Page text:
JCB boss says 'little to fear' from Brexit

Picture of Anthony Bamford Image copyright JCB
Image caption Anthony Bamford says leaving the EU will lead to more freedom to trade elsewhere

The UK has "little to fear from leaving the EU", the chairman of JCB has said.

Lord Bamford, who supported Brexit, said the business community "needed to look to the future".

"European markets are important to many UK businesses, including JCB, and this will not change," he said.

"We should look ahead to opportunities to trade more freely with the rest of the world, as well as building on existing trading relationships with customers and suppliers in Europe."

The boss of the heavy equipment firm said: "The UK is the world's fifth largest trading nation. We therefore have little to fear from leaving the EU."

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While some economists have warned that Britain could be heading towards a recession as the result of a leave vote, others predict stronger growth.

"We can look forward to faster rates of economic growth as we embrace the world economy," John Hearn, economist at the London Institute of Banking and Finance said.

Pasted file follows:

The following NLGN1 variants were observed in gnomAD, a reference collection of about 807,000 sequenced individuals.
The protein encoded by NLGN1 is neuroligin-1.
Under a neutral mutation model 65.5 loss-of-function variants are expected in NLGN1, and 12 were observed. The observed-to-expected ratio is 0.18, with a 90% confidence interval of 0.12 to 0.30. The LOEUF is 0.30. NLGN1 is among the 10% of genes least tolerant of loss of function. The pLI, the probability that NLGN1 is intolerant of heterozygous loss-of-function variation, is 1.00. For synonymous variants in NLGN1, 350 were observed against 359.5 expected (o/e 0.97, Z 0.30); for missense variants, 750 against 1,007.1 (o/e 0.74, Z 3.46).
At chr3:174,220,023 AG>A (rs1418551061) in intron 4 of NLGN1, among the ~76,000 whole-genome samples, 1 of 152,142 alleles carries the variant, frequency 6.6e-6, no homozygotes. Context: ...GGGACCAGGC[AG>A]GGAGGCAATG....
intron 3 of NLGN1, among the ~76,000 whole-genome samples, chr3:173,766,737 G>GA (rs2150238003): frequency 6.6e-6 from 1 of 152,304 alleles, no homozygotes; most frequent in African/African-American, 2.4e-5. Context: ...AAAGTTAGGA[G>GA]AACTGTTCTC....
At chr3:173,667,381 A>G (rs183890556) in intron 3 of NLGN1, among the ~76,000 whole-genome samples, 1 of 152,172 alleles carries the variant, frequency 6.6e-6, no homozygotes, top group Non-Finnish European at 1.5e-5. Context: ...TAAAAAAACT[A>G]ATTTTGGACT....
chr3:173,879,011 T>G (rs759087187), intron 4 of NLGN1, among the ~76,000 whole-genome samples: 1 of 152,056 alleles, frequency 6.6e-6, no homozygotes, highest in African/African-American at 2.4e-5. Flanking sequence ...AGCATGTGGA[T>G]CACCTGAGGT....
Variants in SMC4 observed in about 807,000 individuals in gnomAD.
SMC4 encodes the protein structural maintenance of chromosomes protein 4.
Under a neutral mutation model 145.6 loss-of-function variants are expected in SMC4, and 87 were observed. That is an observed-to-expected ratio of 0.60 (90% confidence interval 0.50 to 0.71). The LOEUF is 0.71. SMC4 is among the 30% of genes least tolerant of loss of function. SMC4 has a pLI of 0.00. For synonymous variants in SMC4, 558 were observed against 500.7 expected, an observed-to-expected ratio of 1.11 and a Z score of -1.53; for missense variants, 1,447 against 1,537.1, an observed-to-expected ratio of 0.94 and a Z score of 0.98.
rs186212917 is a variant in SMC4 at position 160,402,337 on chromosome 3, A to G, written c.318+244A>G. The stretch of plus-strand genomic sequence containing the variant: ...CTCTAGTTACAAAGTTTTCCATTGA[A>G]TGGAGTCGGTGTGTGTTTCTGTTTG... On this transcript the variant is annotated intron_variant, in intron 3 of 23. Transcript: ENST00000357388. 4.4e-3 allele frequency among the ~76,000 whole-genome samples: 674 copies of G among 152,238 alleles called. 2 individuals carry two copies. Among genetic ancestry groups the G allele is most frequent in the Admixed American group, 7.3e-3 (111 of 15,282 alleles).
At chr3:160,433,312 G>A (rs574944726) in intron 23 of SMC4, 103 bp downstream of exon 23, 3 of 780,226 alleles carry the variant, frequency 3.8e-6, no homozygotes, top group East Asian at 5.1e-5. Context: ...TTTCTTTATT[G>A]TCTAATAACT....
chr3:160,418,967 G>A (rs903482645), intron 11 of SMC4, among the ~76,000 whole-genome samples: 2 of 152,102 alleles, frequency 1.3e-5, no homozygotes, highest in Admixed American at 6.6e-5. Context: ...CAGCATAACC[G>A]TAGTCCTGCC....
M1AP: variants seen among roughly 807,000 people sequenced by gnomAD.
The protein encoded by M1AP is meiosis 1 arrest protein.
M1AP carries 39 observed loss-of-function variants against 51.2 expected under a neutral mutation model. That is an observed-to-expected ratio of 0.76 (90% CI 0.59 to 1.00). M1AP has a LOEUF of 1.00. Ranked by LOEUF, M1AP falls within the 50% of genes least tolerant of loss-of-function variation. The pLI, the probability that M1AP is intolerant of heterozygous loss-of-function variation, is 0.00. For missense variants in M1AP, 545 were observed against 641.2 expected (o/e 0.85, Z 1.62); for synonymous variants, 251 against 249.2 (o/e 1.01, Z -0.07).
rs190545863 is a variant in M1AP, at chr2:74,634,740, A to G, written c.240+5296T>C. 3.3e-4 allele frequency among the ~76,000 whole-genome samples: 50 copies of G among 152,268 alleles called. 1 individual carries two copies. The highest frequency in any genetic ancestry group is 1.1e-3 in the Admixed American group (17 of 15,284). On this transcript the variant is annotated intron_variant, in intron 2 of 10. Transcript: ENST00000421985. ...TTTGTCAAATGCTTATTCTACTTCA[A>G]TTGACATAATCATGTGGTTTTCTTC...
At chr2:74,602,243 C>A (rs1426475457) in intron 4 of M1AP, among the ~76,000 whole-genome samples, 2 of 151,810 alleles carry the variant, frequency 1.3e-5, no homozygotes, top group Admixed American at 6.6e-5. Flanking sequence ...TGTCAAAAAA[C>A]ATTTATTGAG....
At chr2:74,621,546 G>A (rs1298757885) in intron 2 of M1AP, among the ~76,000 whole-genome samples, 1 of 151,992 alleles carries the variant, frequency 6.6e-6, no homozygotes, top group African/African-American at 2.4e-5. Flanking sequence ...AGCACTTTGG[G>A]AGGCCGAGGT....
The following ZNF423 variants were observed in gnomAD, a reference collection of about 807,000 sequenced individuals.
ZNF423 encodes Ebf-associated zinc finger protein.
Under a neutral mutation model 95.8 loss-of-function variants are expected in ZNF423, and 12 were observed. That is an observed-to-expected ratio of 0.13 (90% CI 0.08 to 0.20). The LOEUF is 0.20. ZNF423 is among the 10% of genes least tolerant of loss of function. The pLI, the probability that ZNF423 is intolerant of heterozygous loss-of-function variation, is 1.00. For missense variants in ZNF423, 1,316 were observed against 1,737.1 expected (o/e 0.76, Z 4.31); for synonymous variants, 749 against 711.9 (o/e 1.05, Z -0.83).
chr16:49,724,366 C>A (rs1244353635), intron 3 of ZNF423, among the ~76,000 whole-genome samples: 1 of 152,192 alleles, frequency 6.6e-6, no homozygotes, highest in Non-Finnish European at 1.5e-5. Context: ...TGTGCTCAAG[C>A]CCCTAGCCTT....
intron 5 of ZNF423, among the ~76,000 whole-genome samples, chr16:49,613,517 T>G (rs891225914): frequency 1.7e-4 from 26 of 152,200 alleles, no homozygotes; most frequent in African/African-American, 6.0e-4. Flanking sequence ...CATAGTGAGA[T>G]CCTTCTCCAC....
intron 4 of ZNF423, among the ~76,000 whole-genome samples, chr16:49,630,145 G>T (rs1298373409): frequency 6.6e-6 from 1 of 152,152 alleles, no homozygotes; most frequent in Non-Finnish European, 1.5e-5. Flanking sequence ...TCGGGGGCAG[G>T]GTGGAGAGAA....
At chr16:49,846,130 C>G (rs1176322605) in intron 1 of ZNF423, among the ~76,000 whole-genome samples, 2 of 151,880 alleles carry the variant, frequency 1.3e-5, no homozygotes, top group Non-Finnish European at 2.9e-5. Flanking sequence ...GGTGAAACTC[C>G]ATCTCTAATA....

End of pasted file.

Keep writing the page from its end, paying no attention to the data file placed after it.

"The fall in the exchange rate benefits UK exporters by lowering prices and helps the domestic producer by making their products more price competitive and does not affect the rate of inflation: win win win for the UK economy."

'Selective' immigration

Peter Hargreaves, a founding partner of retail investment company Hargreaves Lansdown, said Britain could encourage the right type of immigration. Mr Hargreaves has been a prominent campaigner for the leave campaign and a major donor, although the firm he co-founded has remained neutral on the vote.

"We need immigrants, lots of them," he told the BBC.

"But we need to make sure it's the type of immigration we want so we can be selective and take the people that will make us prosper."

Other business figures that campaigned for a British departure from the EU included vacuum entrepreneur James Dyson and Tim Martin of the JD Wetherspoon pub chain.

Most leaders of the UK's largest firms came out in favour of a 'Remain' vote.

But some well-known voices have suggested that the British economy will not be adversely affected in the long term by leaving the EU. The investor Neil Woodford wrote in his blog that the vote to leave was not 'as negative a development' as the market's first reaction indicated.

The FTSE 100 initially fell by around 8% on Friday morning, but regained some of its value later in the day to close 3.15% down. The pound ended the day 7.5% down against the dollar.

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